The first play of the first live tackling drill of this camp matched a couple of the guys who will have a lot to say about whether the Steelers indeed fulfill their intention to come out of this preseason with a better running game and a better run defense, and the outcome of it was that Jack met Harris right around the line of scrimmage and tackled him for little or no gain.
From there, we saw a couple of decent gains from Benny Snell, a nice pursuit tackle where Devin Bush chased down Snell from behind and held him to a very short gain, a jet sweep by Calvin Austin III that seemed he was one more block on the perimeter away from going the distance, and a nice inside run by Jaylen Warren.
Also, there was a play where tackle Jordan Tucker jumped the snap count and was immediately pulled from the lineup and replaced by Joe Haeg. When the offense lined up again, Mataeo Durant took the handoff, made a cut outside and then got vertical and picked up some nice yardage.
Tomlin was asked about whether he liked the emphasis on running the ball and stopping the run during Monday's practice. "I did. We've just got a lot of growth ahead of us, on both sides of the ball, in that space. When given an opportunity, we're certainly going to focus on that component of play. There just are not a lot of padded opportunities between now and when you step into a stadium based on the structure of the preseason. So, when you get those opportunities, it really needs to be a focus."
ASSORTED NOTES AND OBSERVATIONS
• While the rotation at left guard continued as it had on Saturday, with Kevin Dotson and Kendrick Green alternating with the first group on a period-by-period basis, the quarterback rotation changed at the start of the day and remained in effect throughout. It was Trubisky-Pickett-Rudolph.
• Tomlin, when asked about the new quarterback rotation: "There will be more of that. All of those guys are running in all groups, it's just part of team development." That was followed up with, "So we shouldn't read into it as now Pickett is No. 2 and Mason is No. 3?" Tomlin said, "You should not, but I'm sure you will."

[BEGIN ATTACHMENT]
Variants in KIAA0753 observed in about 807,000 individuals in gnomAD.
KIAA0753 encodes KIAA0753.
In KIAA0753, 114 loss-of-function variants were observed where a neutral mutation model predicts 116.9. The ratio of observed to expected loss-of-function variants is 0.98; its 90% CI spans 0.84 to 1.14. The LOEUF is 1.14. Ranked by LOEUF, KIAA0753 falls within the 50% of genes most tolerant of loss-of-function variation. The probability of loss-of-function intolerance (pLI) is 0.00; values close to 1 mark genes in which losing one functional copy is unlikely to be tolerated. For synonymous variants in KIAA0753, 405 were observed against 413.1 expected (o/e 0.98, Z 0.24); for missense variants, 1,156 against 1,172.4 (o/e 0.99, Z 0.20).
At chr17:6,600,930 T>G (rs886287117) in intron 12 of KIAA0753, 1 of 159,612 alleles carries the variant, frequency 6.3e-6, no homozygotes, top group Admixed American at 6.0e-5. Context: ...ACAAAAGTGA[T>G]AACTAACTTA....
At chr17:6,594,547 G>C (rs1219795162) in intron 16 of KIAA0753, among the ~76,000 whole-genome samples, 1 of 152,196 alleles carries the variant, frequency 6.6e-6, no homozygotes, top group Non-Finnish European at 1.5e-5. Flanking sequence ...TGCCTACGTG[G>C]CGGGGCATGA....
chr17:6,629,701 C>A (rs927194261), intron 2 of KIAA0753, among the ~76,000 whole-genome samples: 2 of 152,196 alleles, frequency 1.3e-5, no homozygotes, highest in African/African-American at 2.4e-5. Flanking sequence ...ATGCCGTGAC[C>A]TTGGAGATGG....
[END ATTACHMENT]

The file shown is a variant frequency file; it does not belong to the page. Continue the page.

• During an 11-on-11 period highlighting third downs, Snell made a nice catch of a pass from Trubisky and got the necessary yardage to move the sticks. A couple of snaps later, a completion to Snell came up short because Jack was trailing him in close coverage and made the tackle before he could turn upfield.
• Connor Heyward caught a pass while running toward the sideline, and then displayed his leg strength to stop and prevent the defensive back from driving him out of bounds before turning upfield and getting extra yards.
• On another third-down repetition, Pickett did a nice job to get himself away from pressure in the pocket and in position to deliver a strong and accurate throw to Miles Boykin who was coming back to the line of scrimmage along the sideline to help his quarterback. Pickett's throw was well-timed and accurate, because it met Boykin perfectly at the marker, which allowed the receiver to make the catch to get the first down.
TOMLIN'S INJURY UPDATE
"Not a lot of significant news regarding health-related things. Najee [Harris] wasn't able to finish; somebody stepped on his foot, but it shouldn't be a major deal. All the others that we have outlined are status quo. Jeremy McNichols is getting his shoulder evaluated. He wasn't able to participate today, that's one that I missed. But other than that, just really excited to be in this environment and continuing with this growth process. Excited to keep snapping the ball and watching them grow individually and collectively."